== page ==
Donald Trump spent the better part of Thursday morning on Twitter, ranting about everything from China to falsehoods about the “crisis” at the U.S-Mexico border. “More troops being sent to the Southern Border to stop the attempted Invasion of Illegals, through large Caravans, into our Country. We have stopped the previous Caravans, and we will stop these also. With a Wall it would be soooo much easier and less expensive. Being Built!”

So far, GOP is all talk no action when it comes to Trump’s treatment of US spy agencies

The same phenomenon keeps occurring whenever Donald Trump does something disgraceful: GOP lawmakers express “deep concern” over his actions, and continue business as usual. This time, Republican Senators are “deeply concerned” over President Trump’s reluctance to listen to his senior military and intelligence advisers, “fearing it could erode national security.” Will they finally do something about it?

Bloomberg is building a political organization to crush Trump

Michael Bloomberg is investing hundreds of millions of dollars into a data-centric political operation designed to ensure Donald Trump doesn’t get reelected. The organization would almost certainly become the biggest, best funded, and most powerful political organization in the country overnight.

EPA refusing to limit 2 toxic chemicals in drinking water

The EPA’s decision means the chemicals will remain unregulated under the Safe Drinking Water Act, according to a still unreleased draft plan that was signed off on in late December. Under the current plan, utilities face no federal requirements for testing for and removing the chemicals from drinking water supplies, although several states have pushed for their own limits.

What does Trump do all day?

Donald Trump’s schedule this week showed he took part in one intelligence briefing, a lunch with Vice President Mike Pence, and a private Trump campaign fundraiser at his own Washington hotel. Throughout January, the President averaged one event a day, begging the question…what exactly does he do all day?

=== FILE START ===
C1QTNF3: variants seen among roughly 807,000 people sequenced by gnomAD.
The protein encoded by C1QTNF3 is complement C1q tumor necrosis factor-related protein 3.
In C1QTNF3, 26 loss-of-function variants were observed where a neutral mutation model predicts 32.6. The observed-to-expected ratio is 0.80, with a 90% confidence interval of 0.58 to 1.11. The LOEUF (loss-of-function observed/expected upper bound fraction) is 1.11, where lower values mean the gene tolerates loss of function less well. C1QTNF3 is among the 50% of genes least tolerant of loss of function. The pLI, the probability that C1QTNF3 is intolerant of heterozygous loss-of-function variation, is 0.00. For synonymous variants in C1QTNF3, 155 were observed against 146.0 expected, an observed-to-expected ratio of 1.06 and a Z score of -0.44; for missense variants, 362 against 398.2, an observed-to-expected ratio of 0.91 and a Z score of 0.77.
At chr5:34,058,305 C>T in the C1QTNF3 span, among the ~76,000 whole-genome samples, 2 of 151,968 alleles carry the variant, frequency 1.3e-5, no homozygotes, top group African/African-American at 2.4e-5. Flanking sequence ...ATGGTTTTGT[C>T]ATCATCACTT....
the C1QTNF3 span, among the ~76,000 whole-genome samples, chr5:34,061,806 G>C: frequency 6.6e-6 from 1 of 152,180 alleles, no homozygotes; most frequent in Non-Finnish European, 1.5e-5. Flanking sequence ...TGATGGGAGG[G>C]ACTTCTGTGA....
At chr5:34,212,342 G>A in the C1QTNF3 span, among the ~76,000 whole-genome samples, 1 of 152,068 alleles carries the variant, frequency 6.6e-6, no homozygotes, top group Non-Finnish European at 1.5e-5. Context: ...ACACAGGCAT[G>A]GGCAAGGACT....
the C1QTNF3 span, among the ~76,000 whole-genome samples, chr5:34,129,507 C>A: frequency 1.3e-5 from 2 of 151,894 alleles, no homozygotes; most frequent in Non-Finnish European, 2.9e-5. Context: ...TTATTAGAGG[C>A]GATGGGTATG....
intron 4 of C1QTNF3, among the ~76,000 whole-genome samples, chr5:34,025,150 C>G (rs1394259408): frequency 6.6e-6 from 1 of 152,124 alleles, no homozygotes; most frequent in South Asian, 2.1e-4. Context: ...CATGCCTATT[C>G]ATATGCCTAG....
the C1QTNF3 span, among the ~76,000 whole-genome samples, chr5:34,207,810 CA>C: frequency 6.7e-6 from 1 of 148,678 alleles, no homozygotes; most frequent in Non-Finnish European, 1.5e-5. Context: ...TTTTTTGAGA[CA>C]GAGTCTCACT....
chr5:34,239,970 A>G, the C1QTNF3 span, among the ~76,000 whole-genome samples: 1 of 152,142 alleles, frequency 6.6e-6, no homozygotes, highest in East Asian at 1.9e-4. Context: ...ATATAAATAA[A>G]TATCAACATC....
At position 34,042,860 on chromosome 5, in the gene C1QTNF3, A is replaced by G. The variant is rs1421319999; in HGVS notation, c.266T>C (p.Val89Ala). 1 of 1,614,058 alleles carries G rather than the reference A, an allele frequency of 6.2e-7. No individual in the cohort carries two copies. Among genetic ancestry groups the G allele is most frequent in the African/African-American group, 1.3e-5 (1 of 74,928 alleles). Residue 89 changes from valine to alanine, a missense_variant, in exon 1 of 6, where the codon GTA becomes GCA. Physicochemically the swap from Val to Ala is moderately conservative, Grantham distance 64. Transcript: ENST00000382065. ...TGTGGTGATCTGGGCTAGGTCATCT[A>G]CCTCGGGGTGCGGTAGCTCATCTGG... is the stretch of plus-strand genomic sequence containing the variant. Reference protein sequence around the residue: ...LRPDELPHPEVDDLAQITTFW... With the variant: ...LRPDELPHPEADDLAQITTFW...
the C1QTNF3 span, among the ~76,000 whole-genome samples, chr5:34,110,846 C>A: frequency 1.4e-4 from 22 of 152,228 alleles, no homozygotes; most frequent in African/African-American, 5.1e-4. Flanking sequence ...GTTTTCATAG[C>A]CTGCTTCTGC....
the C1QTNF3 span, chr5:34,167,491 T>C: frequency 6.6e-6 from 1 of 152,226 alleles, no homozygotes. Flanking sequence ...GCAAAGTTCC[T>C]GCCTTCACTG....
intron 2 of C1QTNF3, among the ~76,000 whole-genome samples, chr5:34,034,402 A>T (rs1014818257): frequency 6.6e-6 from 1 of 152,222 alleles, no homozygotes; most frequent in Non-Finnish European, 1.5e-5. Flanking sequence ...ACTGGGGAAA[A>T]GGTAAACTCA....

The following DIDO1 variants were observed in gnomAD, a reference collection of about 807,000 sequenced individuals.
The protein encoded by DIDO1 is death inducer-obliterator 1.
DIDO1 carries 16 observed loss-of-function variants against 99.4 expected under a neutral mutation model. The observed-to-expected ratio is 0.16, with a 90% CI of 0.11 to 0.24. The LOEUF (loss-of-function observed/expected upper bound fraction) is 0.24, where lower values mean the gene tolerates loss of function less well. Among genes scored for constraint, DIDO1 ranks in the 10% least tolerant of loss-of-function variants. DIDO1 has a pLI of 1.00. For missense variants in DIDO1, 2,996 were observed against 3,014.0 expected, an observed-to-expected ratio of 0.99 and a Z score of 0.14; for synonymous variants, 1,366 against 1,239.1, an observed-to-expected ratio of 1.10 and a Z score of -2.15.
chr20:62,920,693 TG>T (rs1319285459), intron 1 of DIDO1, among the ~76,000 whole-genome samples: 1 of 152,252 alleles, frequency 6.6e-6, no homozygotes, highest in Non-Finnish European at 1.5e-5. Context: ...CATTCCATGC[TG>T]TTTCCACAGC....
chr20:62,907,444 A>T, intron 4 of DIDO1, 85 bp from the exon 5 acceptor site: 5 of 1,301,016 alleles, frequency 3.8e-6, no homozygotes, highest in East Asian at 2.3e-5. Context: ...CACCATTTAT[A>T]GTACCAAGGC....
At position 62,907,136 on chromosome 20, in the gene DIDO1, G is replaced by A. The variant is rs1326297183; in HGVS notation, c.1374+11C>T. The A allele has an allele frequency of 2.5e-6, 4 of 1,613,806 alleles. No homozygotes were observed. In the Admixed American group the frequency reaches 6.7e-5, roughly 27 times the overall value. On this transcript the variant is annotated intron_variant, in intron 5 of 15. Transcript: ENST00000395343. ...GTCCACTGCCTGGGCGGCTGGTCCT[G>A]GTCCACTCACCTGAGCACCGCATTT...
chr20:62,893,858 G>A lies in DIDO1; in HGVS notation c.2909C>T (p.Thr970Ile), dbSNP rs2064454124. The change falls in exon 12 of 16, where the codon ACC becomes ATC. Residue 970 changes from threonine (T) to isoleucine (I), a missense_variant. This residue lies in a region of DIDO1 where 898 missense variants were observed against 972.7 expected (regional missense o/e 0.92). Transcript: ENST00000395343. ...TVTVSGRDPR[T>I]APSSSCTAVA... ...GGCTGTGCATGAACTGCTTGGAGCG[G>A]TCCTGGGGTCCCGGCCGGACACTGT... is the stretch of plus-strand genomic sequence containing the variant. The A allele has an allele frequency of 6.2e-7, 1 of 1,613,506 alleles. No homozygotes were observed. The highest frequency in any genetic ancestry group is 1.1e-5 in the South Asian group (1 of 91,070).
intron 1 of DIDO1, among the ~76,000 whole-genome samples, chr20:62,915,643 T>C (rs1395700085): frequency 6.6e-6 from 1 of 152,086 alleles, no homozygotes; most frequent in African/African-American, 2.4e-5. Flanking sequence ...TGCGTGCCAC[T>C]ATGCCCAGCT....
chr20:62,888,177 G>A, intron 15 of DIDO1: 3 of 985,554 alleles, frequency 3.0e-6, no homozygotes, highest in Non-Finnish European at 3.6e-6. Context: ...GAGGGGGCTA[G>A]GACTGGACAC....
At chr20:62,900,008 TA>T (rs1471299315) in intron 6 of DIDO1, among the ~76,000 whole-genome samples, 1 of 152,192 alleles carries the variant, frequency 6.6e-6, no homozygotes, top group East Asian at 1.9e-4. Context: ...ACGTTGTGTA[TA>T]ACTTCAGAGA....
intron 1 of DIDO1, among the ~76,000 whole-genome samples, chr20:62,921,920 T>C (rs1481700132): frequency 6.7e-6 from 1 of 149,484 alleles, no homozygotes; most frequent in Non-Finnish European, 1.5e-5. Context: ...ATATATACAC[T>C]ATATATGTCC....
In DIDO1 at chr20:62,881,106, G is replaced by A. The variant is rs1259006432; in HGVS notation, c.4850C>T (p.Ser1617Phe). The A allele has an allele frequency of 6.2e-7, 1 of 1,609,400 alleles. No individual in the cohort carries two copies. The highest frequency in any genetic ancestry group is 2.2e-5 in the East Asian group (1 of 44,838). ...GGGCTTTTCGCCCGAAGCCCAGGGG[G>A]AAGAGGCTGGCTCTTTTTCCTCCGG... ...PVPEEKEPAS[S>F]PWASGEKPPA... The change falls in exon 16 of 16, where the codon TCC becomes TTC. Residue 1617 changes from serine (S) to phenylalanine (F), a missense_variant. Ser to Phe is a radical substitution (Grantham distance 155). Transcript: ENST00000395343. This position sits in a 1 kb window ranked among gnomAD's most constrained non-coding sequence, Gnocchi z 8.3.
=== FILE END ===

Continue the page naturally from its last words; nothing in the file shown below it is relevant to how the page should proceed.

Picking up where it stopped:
Wave of Russian cyberattacks against the US continues

The hits keep coming as the 2020 election approaches. Russia’s military intelligence directorate (GRU) has been caught in a new round of data theft attempts aimed at the Center for Strategic and International Studies, a D.C. think tank. “CSIS is under consistent cyber-attack from a variety of state actors,” said CSIS chief communications officer Andrew Schwartz. “We spotted this incident immediately and were able to work with Microsoft to put a stop to it.”

Dana Milbank: A whole latte trouble

“Americans have discovered, painfully, that running the country is not the same thing as running a real estate business based on dodgy accounting and stiffing partners. But running the country really is like making coffee. As goes Starbucks, so goes the nation… Contrary to his early utterances, Howard Schultz will not be president for just the 1 percent. He will also represent the 2 percent, the half-and-half and the soy — and he would leave room for milk! Only a man of his experience could unite this vast land, from the Vermont Maple Nut Muffin to the Michigan Cherry Oat Bar.”

INF Treaty negotiations fail

The United States and Russia announced this morning that they failed to reconcile their differences over a Cold War-era nuclear pact. The U.S. is expected to withdraw from the agreement, citing Russian violation of the Intermediate-range Nuclear Forces Treaty.